Martin Cheney while working in Windsor, Vermont. An inlaid cherry case tall clock.

This is a wonderful inlaid cherry case tall clock. The painted dial is signed by the Windsor, Vermont clockmaker Martin Cheney.

This is a very good inlaid cherry cased tall clock exhibiting a good Vermont form and proportions. Applied bracket feet and a double stepped molding elevate this example up off the floor. The feet are applied to the bottom of the double steeped molding. These are a country interpretation of a sophisticated French form. These feet flare out in shape at the lower quarter of the design. The moldings incorporate two carved details. The first is a pattern that resembles the thread of a screw. The threads are positioned in a fashion so that they meet in the center. This detail is also repeated in the lower waist molding. The second display of carving is a simple chip carving which is located in the flat facing of the double step bracket. This is also an unusual detail. The base panel line inlaid with a line inlay pattern This narrow band is composed of a dark wood center line that is framed by a light wood line on each side. Three pieces of wood are used to make this detail. This inlay pattern is used as a decorative element in the hood and waist sections. The waist is long and narrow. It features a large waist door that is shaped at the top. This door is trimmed with a molded edge and is decorated with additional line inlay patterns. Open this door and one can access the interior of the case. The front corners of the waist are fitted with fluted quarter columns. These terminate in brass quarter capitals. The bonnet features a New England style fret work pattern that is pierced. It is supported with three fluted finial plinths. Each is fitted with a brass ball and spiked finial. The molded arch is supported by fully turned and fluted bonnet columns. They are mounted in brass capitals. These columns flank the sides of the arched bonnet door. This door is line inlaid. It is fitted with glass and opens to access the dial of the clock.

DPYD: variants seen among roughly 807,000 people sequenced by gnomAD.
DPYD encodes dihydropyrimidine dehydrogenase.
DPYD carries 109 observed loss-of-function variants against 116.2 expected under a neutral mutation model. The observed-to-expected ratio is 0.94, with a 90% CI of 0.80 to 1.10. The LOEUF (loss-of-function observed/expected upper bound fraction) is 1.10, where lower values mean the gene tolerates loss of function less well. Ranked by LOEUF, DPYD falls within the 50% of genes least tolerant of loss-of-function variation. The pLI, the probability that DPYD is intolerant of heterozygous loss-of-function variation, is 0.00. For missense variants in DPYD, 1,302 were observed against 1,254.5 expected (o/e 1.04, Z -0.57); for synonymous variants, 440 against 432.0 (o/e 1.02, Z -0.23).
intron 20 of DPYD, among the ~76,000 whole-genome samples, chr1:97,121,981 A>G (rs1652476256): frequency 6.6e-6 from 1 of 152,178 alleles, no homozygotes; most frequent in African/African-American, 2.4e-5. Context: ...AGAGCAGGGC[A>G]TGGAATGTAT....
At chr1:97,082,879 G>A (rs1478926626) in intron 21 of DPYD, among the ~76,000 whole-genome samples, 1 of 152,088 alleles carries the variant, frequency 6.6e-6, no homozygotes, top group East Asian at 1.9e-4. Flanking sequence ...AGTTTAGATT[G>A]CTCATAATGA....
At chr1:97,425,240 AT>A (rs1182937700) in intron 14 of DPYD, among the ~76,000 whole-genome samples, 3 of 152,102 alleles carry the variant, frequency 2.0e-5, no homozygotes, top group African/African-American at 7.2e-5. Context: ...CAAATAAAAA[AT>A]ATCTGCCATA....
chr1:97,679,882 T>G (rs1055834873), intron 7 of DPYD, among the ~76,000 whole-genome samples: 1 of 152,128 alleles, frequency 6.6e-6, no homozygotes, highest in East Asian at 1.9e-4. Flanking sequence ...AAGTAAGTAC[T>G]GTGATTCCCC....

The dial is iron and is colorfully painted decorated. The four spandrel areas and the arch are decorated with floral themes. This dial is signed by the clockmaker below the calendar aperture. It reads, "MARTIN CHENEY / WINDSOR." in large block lettering. The time track is displayed in an traditional format. The hour are scheduled with Roman numerals. The five minute markers are indicated in Arabic numerals. This dial also shows the seconds on a subsidiary dial and the date of the month in an aperture located below the center arbor.

The movement is brass, eight-day duration and of good quality. It is weight driven and features a rack and snail strike system and a recoil escapement. The pendulum features a brass faced bob.

This clock stands approximately 7 feet 10 inches tall. It was made circa 1805.

About Martin Cheney of East Hartford, Connecticut, Windsor, Vermont and Montreal, Canada.

In 1778, Martin Cheney was born into a well known and established clockmaking family. He was one of four clockmakers born to Benjamin Cheney 1725-1815 and Deborah (Olcott) Cheney in East Hartford, Connecticut. Benjamin most likely trained four of his boys in the art of clockmaking. Asahel was the oldest and was born in 1759. He moves on into Vermont. Elisha was born in 1770 and died in 1847. He settled in Berlin, Connecticut. Russell was younger. It appears he moved North to Putney, Vermont. Martin also had an uncle Timothy 1731-1795. He becomes a well known clockmaker in East Hartford and worked closely with his brother Benjamin.

By 1803, Martin moved up the Connecticut river to Windsor, Vermont. On December 3rd, he married Fanny Patrick of Windsor. In 1804, he advertises that he has for sale fine English Watches, watch keys, chains and seals. I fine musical tall clock is known that is signed with the place location of Windsor. Five years later, Martin moves to Montreal in 1809. Here he remained for some twenty years. In 1827, Martin places an advertisement in Burlington, Vermont newspaper for a journeyman clockmaker to work with him in Montreal. In 1817 he forms a partnership with J. A. Dwight and advertised this business as Cheney & Dwight.

Several clocks have been recorded by this Maker. Pictured in “The Best the Country Affords: Vermont Furniture 1765 – 1850” is a signed brass dial tall clock by Asahel Cheney. On the seat boat of the clock it is written, “This clock made by Martin Cheney.” This implies that the two work with it other on occasion. There is also a Massachusetts Shelf clock form with an engraved kidney style brass dial in the Henry Ford Museum and Greenfield Village. This clock is signed by “Martin Cheney Windsor.” This clock has a strong Boston influence.


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